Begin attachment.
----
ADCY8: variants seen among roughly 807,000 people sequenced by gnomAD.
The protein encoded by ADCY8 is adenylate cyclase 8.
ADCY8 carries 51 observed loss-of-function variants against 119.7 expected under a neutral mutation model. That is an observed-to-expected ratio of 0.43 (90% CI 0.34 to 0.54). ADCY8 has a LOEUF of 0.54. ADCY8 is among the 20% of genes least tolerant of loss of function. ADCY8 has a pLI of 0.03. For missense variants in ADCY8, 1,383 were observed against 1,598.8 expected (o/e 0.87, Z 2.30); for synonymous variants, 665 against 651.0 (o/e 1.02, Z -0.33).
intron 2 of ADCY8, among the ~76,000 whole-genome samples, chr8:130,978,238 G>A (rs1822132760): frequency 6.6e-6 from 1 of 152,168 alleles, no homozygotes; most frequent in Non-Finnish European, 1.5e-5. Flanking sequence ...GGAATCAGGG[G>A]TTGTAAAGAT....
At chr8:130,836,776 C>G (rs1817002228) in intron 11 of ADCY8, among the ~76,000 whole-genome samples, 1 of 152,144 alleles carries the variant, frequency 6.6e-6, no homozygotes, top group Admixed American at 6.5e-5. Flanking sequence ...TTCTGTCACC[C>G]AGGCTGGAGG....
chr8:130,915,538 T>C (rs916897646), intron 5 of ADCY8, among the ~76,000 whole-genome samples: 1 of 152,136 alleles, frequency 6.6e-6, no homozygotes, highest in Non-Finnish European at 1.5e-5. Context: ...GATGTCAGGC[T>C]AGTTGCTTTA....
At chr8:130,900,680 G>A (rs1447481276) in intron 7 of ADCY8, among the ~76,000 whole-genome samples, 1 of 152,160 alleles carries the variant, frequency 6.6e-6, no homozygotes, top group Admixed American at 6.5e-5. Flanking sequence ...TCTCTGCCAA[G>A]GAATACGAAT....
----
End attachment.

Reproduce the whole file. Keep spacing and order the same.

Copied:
ADCY8: variants seen among roughly 807,000 people sequenced by gnomAD.
The protein encoded by ADCY8 is adenylate cyclase 8.
ADCY8 carries 51 observed loss-of-function variants against 119.7 expected under a neutral mutation model. That is an observed-to-expected ratio of 0.43 (90% CI 0.34 to 0.54). ADCY8 has a LOEUF of 0.54. ADCY8 is among the 20% of genes least tolerant of loss of function. ADCY8 has a pLI of 0.03. For missense variants in ADCY8, 1,383 were observed against 1,598.8 expected (o/e 0.87, Z 2.30); for synonymous variants, 665 against 651.0 (o/e 1.02, Z -0.33).
intron 2 of ADCY8, among the ~76,000 whole-genome samples, chr8:130,978,238 G>A (rs1822132760): frequency 6.6e-6 from 1 of 152,168 alleles, no homozygotes; most frequent in Non-Finnish European, 1.5e-5. Flanking sequence ...GGAATCAGGG[G>A]TTGTAAAGAT....
At chr8:130,836,776 C>G (rs1817002228) in intron 11 of ADCY8, among the ~76,000 whole-genome samples, 1 of 152,144 alleles carries the variant, frequency 6.6e-6, no homozygotes, top group Admixed American at 6.5e-5. Flanking sequence ...TTCTGTCACC[C>G]AGGCTGGAGG....
chr8:130,915,538 T>C (rs916897646), intron 5 of ADCY8, among the ~76,000 whole-genome samples: 1 of 152,136 alleles, frequency 6.6e-6, no homozygotes, highest in Non-Finnish European at 1.5e-5. Context: ...GATGTCAGGC[T>C]AGTTGCTTTA....
At chr8:130,900,680 G>A (rs1447481276) in intron 7 of ADCY8, among the ~76,000 whole-genome samples, 1 of 152,160 alleles carries the variant, frequency 6.6e-6, no homozygotes, top group Admixed American at 6.5e-5. Flanking sequence ...TCTCTGCCAA[G>A]GAATACGAAT....